H3: Empathy is positively associated with perceived desirability.

Moral Obligation and Perceived Desirability

Moral obligation is the cognitive process that motivates an individual to help others in search of a common good (Mair & Noboa, 2006). In the field of social entrepreneurship, it is important to have moral obligation as a part of communities and societies, in which it can inspire people to help others and lighten the burden of people who were in marginalized group. Individuals with high sense of moral obligation may have better aspiration to launch a social enterprise; an enterprise with a social purpose (Wallace, 1999) or voluntary organization contracted to deliver public services (Di Domenico, Tracey, & Haugh, 2009) that acts as a community enterprise founded by local people working to combat a shared problem (Williams, 2007). Due to that, moral obligation is highlighted to have a significant influence on perceived desirability (Hockerts, 2015). As such, the following hypothesis is established:

H4: Moral obligation is positively associated with perceived desirability.

Perceived Desirability and Social Entrepreneurial Intention

Perceived desirability is related to individual’s interest, in which whether he or she is attracted by the social opportunity since he or she has to cope with social ills that exist in the society (Urban & Teise, 2015). A social entrepreneur may take that opportunity as a platform to start-up a social enterprise; an enterprise that aimed to give a social impact and enhance social change in the society. Besides, perceived desirability is vital in social entrepreneurship process, as such it can lead towards individuals’ social entrepreneurial intention (Barton et al., 2018). Therefore, the following hypothesis is formulated:

H5: Perceived desirability has a positive relationship with social entrepreneurial intention.

Empathy, Moral Obligation and Perceived Desirability as the Mediators

Prior experience is one of the factors that can influence social entrepreneurial intention through a several mechanisms. In this study, the relationship between prior experience and social entrepreneurial intention is suggested to be double mediated by a few aspects which are relevant to play a role as the mediators. Accordingly, the following hypotheses are developed:

H6: Empathy mediates the relationship between prior experience and perceived desirability.

H7: Moral obligation mediates the relationship between prior experience and perceived desirability.

H8: Perceived desirability mediates the relationship between empathy and social entrepreneurial intention.

H9: Perceived desirability mediates the relationship between moral obligation and social entrepreneurial intention.

Research Methodology

The respondents of the present study were postgraduate students from public universities. A non-probability sampling method was emphasized to select the targeted respondents. Specifically, a judgmental sampling approach was used, in which a certain criteria was set to ensure an appropriate sample was selected. In this study, a quantitative approach using self-administered questionnaire was adopted to collect the data from selected respondents. The measurements for prior experience, empathy, moral obligation and perceived desirability were adopted from Hockerts (2015) with three items, six items, four items and three items respectively. Meanwhile, social entrepreneurial intention measurement was adopted from Liñán and Chen (2009) with six items. All items were measured using a five-point Likert scale ranging from 1 = strongly disagree to 5 = strongly agree. Apart from that, the data collected throughout the survey was analysed using SPSS version 25 and partial least squares structural equation modelling (PLS-SEM). The software of SmartPLS version 3.2.8 was utilised to assess measurement and structural model (Ringle, Wende, & Becker, 2015).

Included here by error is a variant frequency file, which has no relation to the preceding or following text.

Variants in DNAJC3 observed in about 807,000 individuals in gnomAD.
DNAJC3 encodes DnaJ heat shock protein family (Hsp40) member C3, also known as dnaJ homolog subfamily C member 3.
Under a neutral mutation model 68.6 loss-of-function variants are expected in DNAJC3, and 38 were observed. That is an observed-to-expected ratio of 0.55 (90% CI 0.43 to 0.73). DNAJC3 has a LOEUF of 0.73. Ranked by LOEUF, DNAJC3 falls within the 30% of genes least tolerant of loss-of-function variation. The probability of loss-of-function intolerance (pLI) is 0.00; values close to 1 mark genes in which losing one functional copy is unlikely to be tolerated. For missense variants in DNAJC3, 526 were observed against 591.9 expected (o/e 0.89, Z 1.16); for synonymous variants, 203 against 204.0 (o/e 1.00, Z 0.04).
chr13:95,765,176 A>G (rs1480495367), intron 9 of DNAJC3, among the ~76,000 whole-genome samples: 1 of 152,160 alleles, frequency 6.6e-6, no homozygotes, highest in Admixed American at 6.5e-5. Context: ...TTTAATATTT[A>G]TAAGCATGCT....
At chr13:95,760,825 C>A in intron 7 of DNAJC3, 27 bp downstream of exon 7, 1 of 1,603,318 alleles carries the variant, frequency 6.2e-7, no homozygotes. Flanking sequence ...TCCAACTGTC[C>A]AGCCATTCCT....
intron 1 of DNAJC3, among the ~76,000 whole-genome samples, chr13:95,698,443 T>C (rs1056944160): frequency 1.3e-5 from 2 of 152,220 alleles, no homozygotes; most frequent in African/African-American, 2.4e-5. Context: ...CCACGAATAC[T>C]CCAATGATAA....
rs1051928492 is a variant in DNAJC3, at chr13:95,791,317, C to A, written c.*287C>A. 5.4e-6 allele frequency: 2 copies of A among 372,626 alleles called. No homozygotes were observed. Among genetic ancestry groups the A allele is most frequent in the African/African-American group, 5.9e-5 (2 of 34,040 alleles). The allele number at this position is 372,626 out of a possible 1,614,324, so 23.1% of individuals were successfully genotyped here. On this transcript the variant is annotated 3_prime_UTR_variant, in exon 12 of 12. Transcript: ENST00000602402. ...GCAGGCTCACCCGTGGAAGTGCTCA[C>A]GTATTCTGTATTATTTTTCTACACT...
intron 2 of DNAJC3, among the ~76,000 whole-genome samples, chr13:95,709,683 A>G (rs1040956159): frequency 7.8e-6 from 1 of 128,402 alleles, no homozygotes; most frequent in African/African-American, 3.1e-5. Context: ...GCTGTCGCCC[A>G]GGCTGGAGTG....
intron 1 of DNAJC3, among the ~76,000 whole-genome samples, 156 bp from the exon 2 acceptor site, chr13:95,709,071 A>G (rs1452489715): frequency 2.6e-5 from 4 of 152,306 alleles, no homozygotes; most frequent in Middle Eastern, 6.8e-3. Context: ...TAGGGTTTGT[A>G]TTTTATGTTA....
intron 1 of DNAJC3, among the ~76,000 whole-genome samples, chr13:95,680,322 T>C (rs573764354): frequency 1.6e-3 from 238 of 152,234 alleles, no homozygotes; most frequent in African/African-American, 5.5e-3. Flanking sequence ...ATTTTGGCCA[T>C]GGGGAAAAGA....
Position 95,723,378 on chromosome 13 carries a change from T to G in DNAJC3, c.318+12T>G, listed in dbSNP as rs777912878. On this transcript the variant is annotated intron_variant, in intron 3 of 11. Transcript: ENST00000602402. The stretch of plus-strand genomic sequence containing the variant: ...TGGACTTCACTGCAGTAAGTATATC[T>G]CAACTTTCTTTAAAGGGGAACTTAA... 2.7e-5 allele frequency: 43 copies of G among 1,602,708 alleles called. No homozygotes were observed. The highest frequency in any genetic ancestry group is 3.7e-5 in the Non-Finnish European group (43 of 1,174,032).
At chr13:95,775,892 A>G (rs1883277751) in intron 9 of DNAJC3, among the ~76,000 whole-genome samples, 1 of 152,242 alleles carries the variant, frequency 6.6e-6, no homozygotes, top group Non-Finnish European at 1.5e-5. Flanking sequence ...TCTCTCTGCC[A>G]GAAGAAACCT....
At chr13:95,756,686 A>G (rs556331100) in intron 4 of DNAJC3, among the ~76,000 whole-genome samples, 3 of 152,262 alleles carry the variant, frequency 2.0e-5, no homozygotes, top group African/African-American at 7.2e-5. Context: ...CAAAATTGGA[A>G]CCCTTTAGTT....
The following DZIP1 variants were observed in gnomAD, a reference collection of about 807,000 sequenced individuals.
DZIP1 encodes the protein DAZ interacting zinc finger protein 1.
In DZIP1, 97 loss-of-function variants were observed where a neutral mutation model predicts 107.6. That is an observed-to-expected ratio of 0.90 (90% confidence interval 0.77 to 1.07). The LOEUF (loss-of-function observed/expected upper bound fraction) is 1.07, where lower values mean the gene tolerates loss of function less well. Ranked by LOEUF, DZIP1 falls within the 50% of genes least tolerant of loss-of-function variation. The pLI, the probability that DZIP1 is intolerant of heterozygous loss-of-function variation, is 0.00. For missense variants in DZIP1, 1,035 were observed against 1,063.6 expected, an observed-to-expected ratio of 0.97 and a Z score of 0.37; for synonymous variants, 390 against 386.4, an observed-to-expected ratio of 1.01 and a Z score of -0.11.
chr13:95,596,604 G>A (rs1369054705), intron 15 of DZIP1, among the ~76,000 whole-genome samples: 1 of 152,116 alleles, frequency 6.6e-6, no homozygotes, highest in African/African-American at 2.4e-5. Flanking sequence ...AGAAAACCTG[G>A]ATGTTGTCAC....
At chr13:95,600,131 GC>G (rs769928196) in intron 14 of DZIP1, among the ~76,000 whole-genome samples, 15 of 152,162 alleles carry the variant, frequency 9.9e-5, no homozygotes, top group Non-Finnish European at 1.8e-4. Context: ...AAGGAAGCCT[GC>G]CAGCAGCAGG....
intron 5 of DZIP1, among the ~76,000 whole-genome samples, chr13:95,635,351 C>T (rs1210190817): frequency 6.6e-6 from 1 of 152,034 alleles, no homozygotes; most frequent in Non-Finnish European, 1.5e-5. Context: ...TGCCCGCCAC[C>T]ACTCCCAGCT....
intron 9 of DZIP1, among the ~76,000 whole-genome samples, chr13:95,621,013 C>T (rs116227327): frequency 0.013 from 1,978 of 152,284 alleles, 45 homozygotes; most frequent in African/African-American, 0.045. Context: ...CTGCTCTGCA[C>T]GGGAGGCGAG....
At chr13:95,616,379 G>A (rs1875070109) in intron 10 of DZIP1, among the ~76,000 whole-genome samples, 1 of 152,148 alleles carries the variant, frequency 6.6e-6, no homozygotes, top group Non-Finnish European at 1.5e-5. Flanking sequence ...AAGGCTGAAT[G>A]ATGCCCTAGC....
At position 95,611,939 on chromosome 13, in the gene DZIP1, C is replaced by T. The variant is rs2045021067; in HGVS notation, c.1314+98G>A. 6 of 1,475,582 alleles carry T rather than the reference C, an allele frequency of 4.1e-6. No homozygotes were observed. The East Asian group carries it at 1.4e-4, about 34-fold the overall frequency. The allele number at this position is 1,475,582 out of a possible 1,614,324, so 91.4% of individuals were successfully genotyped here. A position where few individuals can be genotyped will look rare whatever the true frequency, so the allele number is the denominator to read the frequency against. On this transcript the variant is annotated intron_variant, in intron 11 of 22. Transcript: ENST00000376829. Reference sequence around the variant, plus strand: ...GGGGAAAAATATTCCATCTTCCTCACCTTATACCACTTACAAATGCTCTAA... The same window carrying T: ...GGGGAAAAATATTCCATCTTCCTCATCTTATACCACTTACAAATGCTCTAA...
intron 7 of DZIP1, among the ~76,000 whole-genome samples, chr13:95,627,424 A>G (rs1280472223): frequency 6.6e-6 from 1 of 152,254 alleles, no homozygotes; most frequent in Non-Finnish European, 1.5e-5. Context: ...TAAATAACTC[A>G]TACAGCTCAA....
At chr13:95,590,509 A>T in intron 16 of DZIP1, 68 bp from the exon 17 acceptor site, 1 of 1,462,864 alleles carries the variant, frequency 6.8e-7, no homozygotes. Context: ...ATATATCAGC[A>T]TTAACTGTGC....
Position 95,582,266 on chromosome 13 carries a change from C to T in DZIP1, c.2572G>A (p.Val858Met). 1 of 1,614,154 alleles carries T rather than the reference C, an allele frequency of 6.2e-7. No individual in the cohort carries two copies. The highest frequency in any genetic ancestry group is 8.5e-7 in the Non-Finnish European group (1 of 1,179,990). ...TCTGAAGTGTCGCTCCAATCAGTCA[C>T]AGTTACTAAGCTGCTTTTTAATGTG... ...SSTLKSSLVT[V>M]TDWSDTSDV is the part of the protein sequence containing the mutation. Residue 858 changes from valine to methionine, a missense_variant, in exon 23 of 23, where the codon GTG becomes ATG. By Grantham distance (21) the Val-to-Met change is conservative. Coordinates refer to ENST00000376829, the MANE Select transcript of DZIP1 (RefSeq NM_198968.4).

Results

Among the respondents, 30.9 percent was male whereas 69.1 percent was female, in which comprised of different ethnic groups; Malay (84.5%), Chinese (11.8%), Indian (1.8%) and others (1.8%). They were aged between 21 and 25 years (29.1%), 26 and 30 years (49.1%), and 31 years and above (21.8%) with 56.4 percent of them were taking master degree and the rest taking PhD (43.6%). Most of them were students in a business stream (61.8%) whereas 38.2 percent were in a non-business stream and they were full-time (66.4%) and part-time (33.6%) students.

A reflective measurement model was assessed through convergent and discriminant validity. Convergent validity is the degree to which various items measuring the same constructs are in agreement and is assessed using factor loadings and AVE (Hair, Hult, Ringle, & Sarstedt, 2017). In this study, most of the loadings exceeded the threshold value of 0.708 (Hair, Risher, Sarstedt, & Ringle, 2019). The AVE value of each construct also exceeded the threshold value of 0.5 (Hair et al., 2019). Discriminant validity is the degree to which a construct is different from other constructs (Hair et al., 2019) and is assessed using HTMT technique. The result showed that all the values fulfil the criteria of HTMT.85 (Henseler, Ringle, & Sarstedt, 2015), in which reporting less than 0.85. This indicated that convergent and discriminant validity had been achieved.

Furthermore, based on the results of hypotheses testing, experience was found to be not significantly related to empathy (β = -0.174, p > 0.05) but positively and significantly related to moral obligation (β = 0.311, p < 0.05). Meanwhile, empathy was found to be not significantly associated with desirability (β = -0.175, p > 0.05) but moral obligation was found to be positively and significantly associated with desirability (β = 0.292, p < 0.05). Moreover, desirability was found to have a positive and significant relationship with intention (β = 0.390, p < 0.05). Thus, in overall, H2, H4 and H5 were supported whereas H1 and H3 were not supported. Besides, regarding the structural model, experience explained three percent of variance of empathy and 9.7 percent of variance of moral obligation. Meanwhile, empathy and moral obligation explained 9.5 percent of variance of desirability whereas desirability explained 15.2 percent of variance of intention. The effect size (f2) is also evaluated to determine the substantive effect of the constructs based on the computation of effect size established by Cohen (1988), in which 0.02, 0.15. 0.35 represented small, medium and large effects respectively. In this study, experience was found to have small substantive effect on empathy (0.031) and moral obligation (0.107), empathy and moral obligation were found to have small substantive effect on desirability with 0.033 and 0.091 respectively, and desirability was found to have medium substantive effect on intention. The predictive relevance of the model is also evaluated based on Q2 value (Geisser, 1974; Stone, 1974), in which the value larger than zero indicates that the model has predictive relevance for a certain endogenous constructs (Hair et al., 2017). In this study, all the Q2 values for empathy (0.011), moral obligation (0.069), desirability (0.038) and intention (0.102) were more than zero, indicating that the model has sufficient predictive relevance.